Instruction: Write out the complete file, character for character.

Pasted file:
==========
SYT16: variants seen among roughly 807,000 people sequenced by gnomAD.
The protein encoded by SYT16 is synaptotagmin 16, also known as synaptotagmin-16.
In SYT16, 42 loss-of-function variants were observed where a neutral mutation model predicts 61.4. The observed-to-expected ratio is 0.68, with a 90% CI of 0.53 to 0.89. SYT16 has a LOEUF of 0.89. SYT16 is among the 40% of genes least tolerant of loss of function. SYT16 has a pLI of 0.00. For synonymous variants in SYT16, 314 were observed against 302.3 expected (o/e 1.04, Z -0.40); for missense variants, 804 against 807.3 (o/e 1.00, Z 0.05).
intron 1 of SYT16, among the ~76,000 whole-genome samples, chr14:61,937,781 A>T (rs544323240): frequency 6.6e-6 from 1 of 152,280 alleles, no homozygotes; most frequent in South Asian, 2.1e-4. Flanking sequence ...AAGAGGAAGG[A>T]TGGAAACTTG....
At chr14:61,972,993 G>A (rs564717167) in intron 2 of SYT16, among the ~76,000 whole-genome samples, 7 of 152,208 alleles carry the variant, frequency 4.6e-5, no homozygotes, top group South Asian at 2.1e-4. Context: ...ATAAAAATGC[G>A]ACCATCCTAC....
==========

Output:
SYT16: variants seen among roughly 807,000 people sequenced by gnomAD.
The protein encoded by SYT16 is synaptotagmin 16, also known as synaptotagmin-16.
In SYT16, 42 loss-of-function variants were observed where a neutral mutation model predicts 61.4. The observed-to-expected ratio is 0.68, with a 90% CI of 0.53 to 0.89. SYT16 has a LOEUF of 0.89. SYT16 is among the 40% of genes least tolerant of loss of function. SYT16 has a pLI of 0.00. For synonymous variants in SYT16, 314 were observed against 302.3 expected (o/e 1.04, Z -0.40); for missense variants, 804 against 807.3 (o/e 1.00, Z 0.05).
intron 1 of SYT16, among the ~76,000 whole-genome samples, chr14:61,937,781 A>T (rs544323240): frequency 6.6e-6 from 1 of 152,280 alleles, no homozygotes; most frequent in South Asian, 2.1e-4. Flanking sequence ...AAGAGGAAGG[A>T]TGGAAACTTG....
At chr14:61,972,993 G>A (rs564717167) in intron 2 of SYT16, among the ~76,000 whole-genome samples, 7 of 152,208 alleles carry the variant, frequency 4.6e-5, no homozygotes, top group South Asian at 2.1e-4. Context: ...ATAAAAATGC[G>A]ACCATCCTAC....